Enabling and Microsoft just completed a trilogy of webinars on Zero Trust. Several questions were covered live, but due to time constraints, this blog reviews and answers all that were asked. The blog also reviews the survey data from our attendees, which show a significant dichotomy between what IT pros think about ransomware risk, and what their business leaders think about the risk.
To review, Microsoft defines Zero Trust based on three principles.
- Verify explicitly
- Limit privileges
- Assume breach
The span of zero trust must cover identities, devices, apps, data, infrastructure, and networks, as shown below:
Webinar Topic #1 Protect:
Caiden Scherer from Microsoft keynoted our first webinar covering Zero Trust all-up, and how Microsoft’s tools can Protect organizations from catastrophic incidents. We covered how reducing the surface area of out of the box PCs can protect from fileless and ransomware attacks, and the importance of consistent deployment and patching (using Intune and Autopilot). We discussed Microsoft 365’s capabilities for information protection and data loss prevention. And since identity is today’s perimeter, we outlined how conditional access rules can reduce phishing and identity compromise by considering the status of the (un)managed device and its health into the block/allow access decision. But we also reminded people of the dangers of password spray attacks when Basic Authentication is left on.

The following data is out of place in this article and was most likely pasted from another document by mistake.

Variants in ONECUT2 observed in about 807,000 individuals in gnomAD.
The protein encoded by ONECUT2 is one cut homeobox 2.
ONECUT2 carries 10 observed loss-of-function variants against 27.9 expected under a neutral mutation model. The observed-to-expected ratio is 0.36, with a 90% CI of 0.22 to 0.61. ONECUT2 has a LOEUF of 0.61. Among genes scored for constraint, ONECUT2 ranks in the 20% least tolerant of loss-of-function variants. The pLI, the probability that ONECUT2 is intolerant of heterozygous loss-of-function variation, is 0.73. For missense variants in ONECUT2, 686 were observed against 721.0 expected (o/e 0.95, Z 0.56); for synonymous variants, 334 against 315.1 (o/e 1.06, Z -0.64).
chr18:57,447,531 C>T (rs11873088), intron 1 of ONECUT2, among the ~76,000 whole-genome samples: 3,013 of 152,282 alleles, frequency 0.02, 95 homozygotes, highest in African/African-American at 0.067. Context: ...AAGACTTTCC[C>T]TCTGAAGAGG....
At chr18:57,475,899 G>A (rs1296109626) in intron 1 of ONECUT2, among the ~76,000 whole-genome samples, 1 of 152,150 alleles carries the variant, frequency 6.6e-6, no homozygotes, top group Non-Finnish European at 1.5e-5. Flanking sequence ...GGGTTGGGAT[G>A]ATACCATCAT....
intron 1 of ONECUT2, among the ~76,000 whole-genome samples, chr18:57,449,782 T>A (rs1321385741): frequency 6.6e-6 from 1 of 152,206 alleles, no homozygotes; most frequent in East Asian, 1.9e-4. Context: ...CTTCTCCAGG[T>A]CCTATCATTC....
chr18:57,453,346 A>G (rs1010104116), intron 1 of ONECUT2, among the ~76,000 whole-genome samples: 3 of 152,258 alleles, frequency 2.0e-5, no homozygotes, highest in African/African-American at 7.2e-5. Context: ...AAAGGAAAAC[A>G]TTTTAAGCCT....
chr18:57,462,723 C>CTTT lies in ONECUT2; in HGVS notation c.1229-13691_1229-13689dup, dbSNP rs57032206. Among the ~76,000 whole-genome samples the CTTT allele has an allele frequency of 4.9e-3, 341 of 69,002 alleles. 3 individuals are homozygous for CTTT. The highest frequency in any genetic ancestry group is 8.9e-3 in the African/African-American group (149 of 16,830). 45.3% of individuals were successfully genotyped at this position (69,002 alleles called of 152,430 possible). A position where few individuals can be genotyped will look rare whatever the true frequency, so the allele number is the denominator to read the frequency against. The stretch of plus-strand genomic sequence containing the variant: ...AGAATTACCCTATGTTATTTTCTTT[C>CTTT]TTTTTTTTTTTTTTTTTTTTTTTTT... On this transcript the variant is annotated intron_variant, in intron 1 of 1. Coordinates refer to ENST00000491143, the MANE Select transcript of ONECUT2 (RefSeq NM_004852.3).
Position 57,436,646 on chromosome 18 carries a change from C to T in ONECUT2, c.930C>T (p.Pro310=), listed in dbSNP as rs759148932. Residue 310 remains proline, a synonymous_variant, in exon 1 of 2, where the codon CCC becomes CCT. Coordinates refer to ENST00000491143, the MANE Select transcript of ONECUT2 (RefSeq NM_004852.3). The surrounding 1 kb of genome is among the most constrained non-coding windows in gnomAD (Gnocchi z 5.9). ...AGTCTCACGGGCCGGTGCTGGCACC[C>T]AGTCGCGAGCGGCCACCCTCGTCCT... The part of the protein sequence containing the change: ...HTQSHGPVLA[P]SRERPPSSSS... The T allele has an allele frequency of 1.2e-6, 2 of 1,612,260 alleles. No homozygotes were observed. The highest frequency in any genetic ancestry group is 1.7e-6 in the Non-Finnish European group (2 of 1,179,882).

Q1: “This Zero Trust approach is geared to company owned devices. How does this apply to BYOD?”
A1: “The Zero Trust approach applies the same security policies regardless of BYOD or corporate-owned. For BYOD, that looks like managing and securing the apps and data and verifying identity.”